Abstract and Keywords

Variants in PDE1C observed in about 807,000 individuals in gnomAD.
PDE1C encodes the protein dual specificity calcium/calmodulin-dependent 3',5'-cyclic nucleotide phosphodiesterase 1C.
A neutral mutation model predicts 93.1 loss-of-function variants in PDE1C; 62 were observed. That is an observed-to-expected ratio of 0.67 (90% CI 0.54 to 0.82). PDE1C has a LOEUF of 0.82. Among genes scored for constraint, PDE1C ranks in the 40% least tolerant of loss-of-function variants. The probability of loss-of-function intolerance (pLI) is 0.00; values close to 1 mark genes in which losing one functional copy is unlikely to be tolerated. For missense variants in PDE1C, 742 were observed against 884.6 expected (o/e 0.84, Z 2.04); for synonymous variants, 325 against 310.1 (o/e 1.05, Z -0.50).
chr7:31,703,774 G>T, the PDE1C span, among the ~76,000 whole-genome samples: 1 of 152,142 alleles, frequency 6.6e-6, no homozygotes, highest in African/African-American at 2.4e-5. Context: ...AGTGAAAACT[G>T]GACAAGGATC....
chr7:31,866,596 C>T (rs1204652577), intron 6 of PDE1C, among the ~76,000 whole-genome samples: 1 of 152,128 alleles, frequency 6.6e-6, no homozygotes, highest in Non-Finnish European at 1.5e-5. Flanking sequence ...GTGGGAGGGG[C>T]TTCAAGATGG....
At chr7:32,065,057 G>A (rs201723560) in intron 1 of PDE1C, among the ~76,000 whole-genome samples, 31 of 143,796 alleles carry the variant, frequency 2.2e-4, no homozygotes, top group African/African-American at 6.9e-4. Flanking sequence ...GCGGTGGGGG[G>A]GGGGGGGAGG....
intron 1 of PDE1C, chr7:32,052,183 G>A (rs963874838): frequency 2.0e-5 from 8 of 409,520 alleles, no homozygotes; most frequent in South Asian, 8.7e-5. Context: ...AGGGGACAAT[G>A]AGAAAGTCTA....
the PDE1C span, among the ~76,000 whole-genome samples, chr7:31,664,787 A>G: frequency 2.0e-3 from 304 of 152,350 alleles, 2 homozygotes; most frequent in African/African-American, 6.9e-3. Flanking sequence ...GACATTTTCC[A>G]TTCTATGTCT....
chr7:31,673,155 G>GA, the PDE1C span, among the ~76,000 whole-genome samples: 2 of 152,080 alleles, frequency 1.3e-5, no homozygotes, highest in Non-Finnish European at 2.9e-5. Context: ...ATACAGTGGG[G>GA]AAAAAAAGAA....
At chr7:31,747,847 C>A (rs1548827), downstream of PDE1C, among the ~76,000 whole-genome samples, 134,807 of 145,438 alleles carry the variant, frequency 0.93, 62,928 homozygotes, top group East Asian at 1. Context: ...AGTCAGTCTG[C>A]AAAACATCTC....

Through the efforts of individuals and groups, America has made significant strides in affording civil rights to a majority of its citizens. It has not, however, eliminated individual, institutional, and structural discrimination, and in fact, some efforts to eliminate inequality for certain members of society have elicited subtly coded forms of discrimination. These subtle forms are referred to as microaggressions. This entry defines microaggressions and explores the existing literature concerning its taxonomy. We discuss the impact of microaggression on individuals and groups (for example, social, cognitive, political, and economic) based on race, and extend this discussion to gender, sexual orientation, class, disability, and religion groups. The article makes use of examples within American history, such as the presidency of Barak Obama, voter ID laws and the Defense of Marriage Act (DOMA). Accumulated recommendations on best practices for countering microaggressions on the micro-, mezzo- and macro- level of social work practice are presented.
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